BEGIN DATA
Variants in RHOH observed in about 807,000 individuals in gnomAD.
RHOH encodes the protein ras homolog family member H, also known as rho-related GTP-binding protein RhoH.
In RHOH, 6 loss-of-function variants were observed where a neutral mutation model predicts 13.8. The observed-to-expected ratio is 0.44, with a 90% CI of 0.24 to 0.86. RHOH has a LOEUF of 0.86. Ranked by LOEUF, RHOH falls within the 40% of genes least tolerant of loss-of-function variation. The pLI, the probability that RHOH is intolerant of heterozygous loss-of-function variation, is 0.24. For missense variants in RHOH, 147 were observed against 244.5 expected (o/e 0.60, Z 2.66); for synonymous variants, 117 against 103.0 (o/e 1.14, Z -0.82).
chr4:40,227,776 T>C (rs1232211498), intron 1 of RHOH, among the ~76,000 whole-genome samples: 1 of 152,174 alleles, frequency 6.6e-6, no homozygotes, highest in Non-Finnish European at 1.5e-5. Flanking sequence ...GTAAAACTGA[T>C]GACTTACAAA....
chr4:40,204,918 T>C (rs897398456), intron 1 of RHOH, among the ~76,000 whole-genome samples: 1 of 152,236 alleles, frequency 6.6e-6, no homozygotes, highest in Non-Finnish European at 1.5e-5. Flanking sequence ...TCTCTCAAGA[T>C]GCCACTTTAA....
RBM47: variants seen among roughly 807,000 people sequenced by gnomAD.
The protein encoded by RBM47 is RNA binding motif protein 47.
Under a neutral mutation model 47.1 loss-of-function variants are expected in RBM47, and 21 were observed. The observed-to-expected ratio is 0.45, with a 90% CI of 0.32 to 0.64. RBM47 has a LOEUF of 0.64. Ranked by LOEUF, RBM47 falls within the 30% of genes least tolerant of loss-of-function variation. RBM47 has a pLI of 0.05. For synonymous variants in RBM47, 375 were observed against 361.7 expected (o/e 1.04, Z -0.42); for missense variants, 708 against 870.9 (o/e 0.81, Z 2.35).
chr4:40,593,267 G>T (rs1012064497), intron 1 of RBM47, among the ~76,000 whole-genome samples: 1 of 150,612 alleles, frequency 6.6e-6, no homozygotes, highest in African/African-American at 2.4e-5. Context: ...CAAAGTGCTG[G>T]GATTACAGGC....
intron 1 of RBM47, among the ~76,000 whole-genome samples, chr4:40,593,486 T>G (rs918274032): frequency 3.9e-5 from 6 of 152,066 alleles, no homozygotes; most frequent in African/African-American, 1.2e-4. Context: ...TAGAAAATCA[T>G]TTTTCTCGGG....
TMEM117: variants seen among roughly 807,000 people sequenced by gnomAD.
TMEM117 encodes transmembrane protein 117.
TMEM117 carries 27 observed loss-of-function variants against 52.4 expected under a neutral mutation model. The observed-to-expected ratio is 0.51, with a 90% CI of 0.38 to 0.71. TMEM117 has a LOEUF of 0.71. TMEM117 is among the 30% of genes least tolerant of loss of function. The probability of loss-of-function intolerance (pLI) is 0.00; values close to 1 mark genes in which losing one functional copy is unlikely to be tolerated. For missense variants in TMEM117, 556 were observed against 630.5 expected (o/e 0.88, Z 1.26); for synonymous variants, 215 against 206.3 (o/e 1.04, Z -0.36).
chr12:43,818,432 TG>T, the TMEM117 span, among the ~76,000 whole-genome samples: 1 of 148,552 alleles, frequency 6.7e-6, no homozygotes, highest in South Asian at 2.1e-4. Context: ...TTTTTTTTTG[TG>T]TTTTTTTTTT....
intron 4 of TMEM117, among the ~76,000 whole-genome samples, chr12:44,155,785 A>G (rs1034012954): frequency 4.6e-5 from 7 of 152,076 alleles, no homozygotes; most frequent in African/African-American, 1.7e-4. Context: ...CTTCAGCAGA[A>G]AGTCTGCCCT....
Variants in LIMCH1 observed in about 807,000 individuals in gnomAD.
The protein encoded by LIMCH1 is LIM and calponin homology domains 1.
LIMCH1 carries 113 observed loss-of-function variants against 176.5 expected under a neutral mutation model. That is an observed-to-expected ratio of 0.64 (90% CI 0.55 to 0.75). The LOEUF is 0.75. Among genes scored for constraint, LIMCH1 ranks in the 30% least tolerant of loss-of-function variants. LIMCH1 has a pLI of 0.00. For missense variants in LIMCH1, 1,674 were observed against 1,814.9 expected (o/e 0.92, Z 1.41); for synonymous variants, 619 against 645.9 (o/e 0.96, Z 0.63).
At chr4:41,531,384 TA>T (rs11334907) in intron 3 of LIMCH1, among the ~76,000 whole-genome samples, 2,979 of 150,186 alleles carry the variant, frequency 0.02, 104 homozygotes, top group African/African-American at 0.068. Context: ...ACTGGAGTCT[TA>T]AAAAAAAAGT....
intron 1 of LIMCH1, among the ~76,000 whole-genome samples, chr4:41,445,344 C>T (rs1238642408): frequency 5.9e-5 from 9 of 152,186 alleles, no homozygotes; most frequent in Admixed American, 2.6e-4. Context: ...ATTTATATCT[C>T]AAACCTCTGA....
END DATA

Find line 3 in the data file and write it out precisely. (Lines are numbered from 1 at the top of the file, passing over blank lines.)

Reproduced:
In RHOH, 6 loss-of-function variants were observed where a neutral mutation model predicts 13.8. The observed-to-expected ratio is 0.44, with a 90% CI of 0.24 to 0.86. RHOH has a LOEUF of 0.86. Ranked by LOEUF, RHOH falls within the 40% of genes least tolerant of loss-of-function variation. The pLI, the probability that RHOH is intolerant of heterozygous loss-of-function variation, is 0.24. For missense variants in RHOH, 147 were observed against 244.5 expected (o/e 0.60, Z 2.66); for synonymous variants, 117 against 103.0 (o/e 1.14, Z -0.82).